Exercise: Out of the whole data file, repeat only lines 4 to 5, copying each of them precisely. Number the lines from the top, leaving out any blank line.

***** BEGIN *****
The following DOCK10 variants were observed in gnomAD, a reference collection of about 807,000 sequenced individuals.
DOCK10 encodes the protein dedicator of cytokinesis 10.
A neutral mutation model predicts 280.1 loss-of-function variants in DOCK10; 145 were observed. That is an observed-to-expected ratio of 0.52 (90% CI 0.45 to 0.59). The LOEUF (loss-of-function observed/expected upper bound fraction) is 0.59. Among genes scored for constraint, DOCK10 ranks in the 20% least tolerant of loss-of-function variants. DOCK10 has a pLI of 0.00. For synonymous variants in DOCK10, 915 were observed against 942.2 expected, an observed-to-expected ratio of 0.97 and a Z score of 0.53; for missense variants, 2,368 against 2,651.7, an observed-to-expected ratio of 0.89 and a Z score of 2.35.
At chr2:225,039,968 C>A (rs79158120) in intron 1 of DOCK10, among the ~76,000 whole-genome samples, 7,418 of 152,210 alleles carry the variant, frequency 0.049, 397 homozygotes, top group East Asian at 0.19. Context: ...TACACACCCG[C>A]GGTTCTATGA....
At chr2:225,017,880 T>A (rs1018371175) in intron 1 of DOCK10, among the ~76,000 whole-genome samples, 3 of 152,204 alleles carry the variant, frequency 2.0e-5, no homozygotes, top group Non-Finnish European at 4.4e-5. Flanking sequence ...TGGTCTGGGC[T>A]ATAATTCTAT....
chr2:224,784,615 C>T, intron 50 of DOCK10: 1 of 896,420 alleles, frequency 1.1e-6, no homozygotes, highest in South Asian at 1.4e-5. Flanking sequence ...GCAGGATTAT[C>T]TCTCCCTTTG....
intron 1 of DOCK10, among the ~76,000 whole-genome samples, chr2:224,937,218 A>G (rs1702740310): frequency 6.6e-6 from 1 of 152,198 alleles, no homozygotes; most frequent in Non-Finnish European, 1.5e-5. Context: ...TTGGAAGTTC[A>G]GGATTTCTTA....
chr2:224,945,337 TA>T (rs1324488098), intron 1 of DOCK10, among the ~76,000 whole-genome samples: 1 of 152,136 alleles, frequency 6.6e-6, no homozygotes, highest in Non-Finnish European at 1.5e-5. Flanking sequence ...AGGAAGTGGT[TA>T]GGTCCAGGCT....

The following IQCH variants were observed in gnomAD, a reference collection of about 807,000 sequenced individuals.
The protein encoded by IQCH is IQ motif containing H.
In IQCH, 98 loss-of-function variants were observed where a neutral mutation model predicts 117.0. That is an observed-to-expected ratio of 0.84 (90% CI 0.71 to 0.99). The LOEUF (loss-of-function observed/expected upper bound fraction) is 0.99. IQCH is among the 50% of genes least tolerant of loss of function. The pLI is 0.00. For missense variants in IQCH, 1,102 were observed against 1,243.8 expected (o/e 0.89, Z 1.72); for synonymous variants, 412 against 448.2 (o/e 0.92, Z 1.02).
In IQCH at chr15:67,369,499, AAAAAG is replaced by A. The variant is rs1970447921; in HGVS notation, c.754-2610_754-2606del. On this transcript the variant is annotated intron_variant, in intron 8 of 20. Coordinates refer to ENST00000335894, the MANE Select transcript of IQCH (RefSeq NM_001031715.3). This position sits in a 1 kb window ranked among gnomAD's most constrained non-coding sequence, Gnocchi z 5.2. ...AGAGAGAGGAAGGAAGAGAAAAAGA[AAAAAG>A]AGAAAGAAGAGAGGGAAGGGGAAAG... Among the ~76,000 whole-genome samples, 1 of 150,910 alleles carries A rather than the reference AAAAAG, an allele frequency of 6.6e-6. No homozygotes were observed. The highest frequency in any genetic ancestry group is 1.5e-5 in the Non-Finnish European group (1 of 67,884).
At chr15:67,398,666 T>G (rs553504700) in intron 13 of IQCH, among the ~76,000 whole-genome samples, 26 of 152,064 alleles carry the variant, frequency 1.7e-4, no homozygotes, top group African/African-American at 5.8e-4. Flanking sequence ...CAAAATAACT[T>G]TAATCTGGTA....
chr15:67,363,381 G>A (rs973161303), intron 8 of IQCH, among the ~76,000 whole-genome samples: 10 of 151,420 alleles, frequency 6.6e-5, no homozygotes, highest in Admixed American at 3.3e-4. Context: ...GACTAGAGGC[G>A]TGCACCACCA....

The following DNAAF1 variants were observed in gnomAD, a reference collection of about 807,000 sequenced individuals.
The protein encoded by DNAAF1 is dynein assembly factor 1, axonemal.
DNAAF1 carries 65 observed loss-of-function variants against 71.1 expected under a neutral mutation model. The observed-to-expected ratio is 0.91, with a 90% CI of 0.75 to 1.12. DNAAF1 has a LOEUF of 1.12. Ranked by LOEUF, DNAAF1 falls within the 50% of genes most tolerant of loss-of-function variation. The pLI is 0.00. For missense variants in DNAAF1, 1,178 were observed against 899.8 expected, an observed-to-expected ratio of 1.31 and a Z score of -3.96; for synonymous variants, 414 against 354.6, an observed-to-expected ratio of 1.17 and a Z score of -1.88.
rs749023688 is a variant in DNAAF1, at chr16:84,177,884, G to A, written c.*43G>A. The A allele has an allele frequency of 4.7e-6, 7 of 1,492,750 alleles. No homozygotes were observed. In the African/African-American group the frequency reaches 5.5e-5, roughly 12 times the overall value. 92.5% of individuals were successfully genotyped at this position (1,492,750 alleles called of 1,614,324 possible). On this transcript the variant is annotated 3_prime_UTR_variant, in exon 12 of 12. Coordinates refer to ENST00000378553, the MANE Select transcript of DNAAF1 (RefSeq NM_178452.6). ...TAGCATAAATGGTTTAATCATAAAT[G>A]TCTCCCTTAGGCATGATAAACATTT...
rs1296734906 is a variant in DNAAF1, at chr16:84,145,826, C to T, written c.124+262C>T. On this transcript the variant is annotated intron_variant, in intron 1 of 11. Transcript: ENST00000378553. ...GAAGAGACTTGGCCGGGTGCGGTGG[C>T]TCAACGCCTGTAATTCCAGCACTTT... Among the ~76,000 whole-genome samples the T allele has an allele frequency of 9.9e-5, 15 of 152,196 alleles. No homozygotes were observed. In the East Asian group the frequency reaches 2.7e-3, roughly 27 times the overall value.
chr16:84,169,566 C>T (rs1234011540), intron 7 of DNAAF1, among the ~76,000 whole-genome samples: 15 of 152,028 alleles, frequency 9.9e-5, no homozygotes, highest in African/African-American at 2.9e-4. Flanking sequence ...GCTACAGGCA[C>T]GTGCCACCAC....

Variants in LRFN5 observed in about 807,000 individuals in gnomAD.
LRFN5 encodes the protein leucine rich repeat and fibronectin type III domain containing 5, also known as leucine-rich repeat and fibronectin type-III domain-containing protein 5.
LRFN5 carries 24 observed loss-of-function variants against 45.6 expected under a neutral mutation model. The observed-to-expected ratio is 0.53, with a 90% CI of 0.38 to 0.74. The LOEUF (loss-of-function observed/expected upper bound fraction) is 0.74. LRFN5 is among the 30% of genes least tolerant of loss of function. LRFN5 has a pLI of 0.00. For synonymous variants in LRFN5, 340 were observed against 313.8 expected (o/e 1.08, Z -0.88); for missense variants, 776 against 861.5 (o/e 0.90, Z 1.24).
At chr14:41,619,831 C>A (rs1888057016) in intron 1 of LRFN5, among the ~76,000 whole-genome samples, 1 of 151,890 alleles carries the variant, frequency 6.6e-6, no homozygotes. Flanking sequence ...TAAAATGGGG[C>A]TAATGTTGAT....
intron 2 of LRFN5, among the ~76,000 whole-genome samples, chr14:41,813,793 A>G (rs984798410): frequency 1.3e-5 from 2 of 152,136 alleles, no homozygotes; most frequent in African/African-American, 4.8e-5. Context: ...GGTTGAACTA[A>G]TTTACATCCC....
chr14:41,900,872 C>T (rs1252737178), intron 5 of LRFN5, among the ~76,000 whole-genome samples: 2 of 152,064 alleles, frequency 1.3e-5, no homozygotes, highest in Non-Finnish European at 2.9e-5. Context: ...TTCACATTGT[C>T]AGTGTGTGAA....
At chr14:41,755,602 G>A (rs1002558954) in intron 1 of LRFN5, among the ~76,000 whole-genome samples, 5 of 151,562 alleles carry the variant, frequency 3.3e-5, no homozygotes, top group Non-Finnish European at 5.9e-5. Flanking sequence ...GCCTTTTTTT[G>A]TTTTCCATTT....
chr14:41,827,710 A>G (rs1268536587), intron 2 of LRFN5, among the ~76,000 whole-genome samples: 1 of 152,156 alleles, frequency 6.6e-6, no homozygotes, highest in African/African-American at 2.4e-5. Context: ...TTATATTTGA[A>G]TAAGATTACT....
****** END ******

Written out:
At chr2:225,039,968 C>A (rs79158120) in intron 1 of DOCK10, among the ~76,000 whole-genome samples, 7,418 of 152,210 alleles carry the variant, frequency 0.049, 397 homozygotes, top group East Asian at 0.19. Context: ...TACACACCCG[C>A]GGTTCTATGA....
At chr2:225,017,880 T>A (rs1018371175) in intron 1 of DOCK10, among the ~76,000 whole-genome samples, 3 of 152,204 alleles carry the variant, frequency 2.0e-5, no homozygotes, top group Non-Finnish European at 4.4e-5. Flanking sequence ...TGGTCTGGGC[T>A]ATAATTCTAT....